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In another question I ask How to make these scripted duplivert monkeys always face “out” using duplicates? Here I would like to ask if there is a better (or at least alternate) way to do this besides using duplicates or "dupliverts".

Here's an example using dupliverts - the same as in the other question and so far I haven't figured out there how to get the monkeys placed on the icosphere's vertices or it's faces to face "out".

Is there a different way to do this?

note: I will not always use monkeys on icospheres - this is an abstraction. I'm working towards correctly animating this constellation of 4,425 Earth-facing satellites where I'll have roughly eighty rotating circles with sixty "monkeys" each. However I will also be using 2D meshes in a second project (rather than circles), so I really want to understand the underlying logic/math of the orientations, both on 1D (circles) and 2D meshes.

edit: Here is one of the images from the linked satellite question to help illustrate why I want to create "monkeys" (satellites) in groups, and not create and keyframe four thousand individuals:

enter image description here


enter image description here

enter image description here

Potentially adjustable things:

# monkey.rotation_euler = 0, 0, pi   # ??

bpy.ops.object.parent_set(type='OBJECT', keep_transform=True) # keep_transform ??

bpy.context.object.use_dupli_vertices_rotation = True  # ??

Ok here is a basic script:

import bpy, math

pi = math.pi
loco_f, loco_v = (-5, 0, 5), (+5, 0, 5)

bpy.ops.object.select_all(action='SELECT')
bpy.ops.object.delete(use_global=False)

bpy.ops.mesh.primitive_ico_sphere_add(location=loco_f, size=4, subdivisions=2)
shape_mesh_f = bpy.context.active_object

bpy.ops.mesh.primitive_ico_sphere_add(location=loco_v, size=4, subdivisions=2)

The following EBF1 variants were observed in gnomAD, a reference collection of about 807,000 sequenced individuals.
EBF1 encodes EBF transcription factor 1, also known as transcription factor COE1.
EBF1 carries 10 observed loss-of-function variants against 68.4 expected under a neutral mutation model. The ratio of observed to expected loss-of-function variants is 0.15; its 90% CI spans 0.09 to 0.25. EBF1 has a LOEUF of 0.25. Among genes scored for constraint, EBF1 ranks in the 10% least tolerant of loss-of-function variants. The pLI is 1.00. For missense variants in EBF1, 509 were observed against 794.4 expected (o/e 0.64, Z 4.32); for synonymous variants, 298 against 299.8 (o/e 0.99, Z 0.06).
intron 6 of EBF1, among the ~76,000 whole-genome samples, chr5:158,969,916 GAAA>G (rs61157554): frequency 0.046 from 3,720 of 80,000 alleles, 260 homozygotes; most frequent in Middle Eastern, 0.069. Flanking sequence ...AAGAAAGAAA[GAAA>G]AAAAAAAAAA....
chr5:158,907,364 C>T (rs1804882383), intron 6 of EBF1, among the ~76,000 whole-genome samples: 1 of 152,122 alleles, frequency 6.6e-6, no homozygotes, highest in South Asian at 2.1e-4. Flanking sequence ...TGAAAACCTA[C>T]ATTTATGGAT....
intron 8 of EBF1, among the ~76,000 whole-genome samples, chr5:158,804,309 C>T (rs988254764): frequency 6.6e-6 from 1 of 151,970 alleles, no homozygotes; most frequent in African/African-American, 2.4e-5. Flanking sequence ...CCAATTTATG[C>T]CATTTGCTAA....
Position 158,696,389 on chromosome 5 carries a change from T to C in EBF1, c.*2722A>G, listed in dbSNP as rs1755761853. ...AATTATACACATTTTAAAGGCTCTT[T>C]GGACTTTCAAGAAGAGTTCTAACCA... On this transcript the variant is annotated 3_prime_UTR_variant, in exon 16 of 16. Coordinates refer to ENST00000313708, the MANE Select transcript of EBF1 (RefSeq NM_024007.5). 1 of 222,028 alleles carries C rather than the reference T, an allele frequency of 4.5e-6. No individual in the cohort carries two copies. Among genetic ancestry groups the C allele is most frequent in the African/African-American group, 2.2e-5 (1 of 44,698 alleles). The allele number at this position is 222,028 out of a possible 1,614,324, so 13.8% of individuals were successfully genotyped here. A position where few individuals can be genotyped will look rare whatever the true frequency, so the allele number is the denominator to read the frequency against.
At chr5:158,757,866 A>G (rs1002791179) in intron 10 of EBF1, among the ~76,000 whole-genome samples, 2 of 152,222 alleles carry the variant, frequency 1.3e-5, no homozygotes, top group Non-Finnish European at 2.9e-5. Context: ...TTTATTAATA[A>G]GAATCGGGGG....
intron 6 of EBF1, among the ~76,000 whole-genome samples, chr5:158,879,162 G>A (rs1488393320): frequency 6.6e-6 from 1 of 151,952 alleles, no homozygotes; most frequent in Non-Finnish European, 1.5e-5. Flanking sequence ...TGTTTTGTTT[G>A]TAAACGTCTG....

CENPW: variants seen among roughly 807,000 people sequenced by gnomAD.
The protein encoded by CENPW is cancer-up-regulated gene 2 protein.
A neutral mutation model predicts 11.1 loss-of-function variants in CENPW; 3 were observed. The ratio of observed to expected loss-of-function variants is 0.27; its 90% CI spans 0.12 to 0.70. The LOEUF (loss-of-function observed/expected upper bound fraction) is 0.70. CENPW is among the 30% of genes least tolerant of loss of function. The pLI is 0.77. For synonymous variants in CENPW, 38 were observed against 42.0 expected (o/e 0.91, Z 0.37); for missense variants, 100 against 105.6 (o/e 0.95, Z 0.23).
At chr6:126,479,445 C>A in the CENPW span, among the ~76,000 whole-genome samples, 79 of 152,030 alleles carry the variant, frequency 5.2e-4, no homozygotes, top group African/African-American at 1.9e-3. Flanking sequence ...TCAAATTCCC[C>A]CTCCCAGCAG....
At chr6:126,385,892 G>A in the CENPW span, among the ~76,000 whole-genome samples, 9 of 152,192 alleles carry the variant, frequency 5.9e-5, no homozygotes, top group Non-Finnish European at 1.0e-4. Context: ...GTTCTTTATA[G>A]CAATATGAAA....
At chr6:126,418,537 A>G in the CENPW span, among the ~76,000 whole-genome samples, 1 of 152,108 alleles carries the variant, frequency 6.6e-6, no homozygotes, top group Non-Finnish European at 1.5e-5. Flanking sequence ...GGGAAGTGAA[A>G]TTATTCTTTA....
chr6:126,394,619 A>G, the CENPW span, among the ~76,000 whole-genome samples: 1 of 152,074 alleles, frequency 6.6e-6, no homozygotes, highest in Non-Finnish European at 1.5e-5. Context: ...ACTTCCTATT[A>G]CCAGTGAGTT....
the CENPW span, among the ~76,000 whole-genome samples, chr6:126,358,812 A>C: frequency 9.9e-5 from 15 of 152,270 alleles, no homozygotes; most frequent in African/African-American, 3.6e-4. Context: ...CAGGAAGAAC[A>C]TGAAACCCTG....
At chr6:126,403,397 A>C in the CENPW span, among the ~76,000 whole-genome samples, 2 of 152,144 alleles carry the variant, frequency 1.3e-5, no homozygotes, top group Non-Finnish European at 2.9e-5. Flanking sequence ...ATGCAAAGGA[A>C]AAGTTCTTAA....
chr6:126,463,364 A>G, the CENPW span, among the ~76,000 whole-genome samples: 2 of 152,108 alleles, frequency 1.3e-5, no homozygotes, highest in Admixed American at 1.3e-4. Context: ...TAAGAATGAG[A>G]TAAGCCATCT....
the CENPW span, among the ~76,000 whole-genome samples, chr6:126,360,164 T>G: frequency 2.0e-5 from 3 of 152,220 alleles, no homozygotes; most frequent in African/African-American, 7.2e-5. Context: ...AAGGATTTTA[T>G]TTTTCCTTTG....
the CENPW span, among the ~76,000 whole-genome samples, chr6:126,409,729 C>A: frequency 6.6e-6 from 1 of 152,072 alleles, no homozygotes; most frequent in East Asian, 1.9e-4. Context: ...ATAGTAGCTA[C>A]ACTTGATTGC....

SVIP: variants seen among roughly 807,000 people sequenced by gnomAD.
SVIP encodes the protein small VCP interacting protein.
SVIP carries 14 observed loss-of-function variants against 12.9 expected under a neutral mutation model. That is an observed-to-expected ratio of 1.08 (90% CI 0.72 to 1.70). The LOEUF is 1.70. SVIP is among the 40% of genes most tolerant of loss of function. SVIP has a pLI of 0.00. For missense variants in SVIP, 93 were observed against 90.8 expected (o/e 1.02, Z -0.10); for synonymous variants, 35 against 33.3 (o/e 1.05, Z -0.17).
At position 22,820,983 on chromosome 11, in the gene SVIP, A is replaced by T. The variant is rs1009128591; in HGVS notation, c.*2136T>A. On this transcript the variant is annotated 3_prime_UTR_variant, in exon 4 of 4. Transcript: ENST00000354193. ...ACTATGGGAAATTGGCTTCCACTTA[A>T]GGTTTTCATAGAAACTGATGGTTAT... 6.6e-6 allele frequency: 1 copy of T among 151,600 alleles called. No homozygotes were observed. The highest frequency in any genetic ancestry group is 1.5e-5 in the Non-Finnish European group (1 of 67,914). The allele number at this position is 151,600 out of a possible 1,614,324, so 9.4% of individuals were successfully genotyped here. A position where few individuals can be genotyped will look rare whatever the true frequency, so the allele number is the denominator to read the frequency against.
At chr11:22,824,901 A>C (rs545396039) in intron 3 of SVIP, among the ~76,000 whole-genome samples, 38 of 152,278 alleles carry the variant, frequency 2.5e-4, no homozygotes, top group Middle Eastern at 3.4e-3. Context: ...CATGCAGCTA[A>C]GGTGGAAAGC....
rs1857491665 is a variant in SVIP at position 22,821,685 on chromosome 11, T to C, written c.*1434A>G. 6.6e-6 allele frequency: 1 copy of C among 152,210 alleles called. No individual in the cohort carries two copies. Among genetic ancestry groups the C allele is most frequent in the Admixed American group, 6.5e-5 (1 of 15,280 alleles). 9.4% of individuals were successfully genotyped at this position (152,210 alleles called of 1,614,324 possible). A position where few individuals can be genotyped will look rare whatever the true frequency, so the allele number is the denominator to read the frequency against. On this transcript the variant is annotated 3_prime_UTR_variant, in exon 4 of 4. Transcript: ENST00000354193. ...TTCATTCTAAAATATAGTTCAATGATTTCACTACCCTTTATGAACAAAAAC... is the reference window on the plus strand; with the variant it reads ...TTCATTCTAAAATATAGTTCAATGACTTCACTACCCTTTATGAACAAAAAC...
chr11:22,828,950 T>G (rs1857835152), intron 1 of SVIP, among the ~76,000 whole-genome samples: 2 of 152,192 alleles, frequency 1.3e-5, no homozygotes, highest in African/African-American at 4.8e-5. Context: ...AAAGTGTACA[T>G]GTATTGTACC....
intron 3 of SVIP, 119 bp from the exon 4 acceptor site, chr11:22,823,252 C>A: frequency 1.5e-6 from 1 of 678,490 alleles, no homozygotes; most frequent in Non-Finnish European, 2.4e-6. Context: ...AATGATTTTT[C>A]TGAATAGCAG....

shape_mesh_v = bpy.context.active_object

bpy.ops.mesh.primitive_monkey_add(radius=1, location=loco_f)
monkey_f = bpy.context.active_object
# monkey.rotation_euler = 0, 0, pi

bpy.ops.mesh.primitive_monkey_add(radius=1, location=loco_v)
monkey_v = bpy.context.active_object
# monkey.rotation_euler = 0, 0, pi

bpy.ops.object.select_all(action='DESELECT')

monkey_f.select = True 
bpy.context.scene.objects.active = shape_mesh_f

bpy.ops.object.parent_set(type='OBJECT', keep_transform=True)
bpy.context.object.dupli_type = 'FACES'
bpy.context.object.use_dupli_vertices_rotation = True

bpy.ops.object.select_all(action='DESELECT')

monkey_v.select = True 
bpy.context.scene.objects.active = shape_mesh_v

bpy.ops.object.parent_set(type='OBJECT', keep_transform=True) 
bpy.context.object.dupli_type = 'VERTS'
bpy.context.object.use_dupli_vertices_rotation = True
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Instead of dupliverts, we can create it all in one mesh using bmesh.ops.create_monkey().

import bpy
import bmesh
import mathutils

loco_f, loco_v = (-5, 0, 5), (+5, 0, 5)

bpy.ops.object.select_all(action='SELECT')
bpy.ops.object.delete(use_global=False)

bpy.ops.mesh.primitive_ico_sphere_add(location=loco_v, size=4, subdivisions=2)
shape_mesh_v = bpy.context.active_object

bpy.ops.object.mode_set(mode='EDIT')
bpy.ops.mesh.select_all(action='SELECT')
bpy.ops.mesh.delete(type='EDGE_FACE')
bpy.ops.object.mode_set(mode='OBJECT')

bm = bmesh.new()
bm.from_mesh(shape_mesh_v.data)

src = [v for v in bm.verts]

for v in src: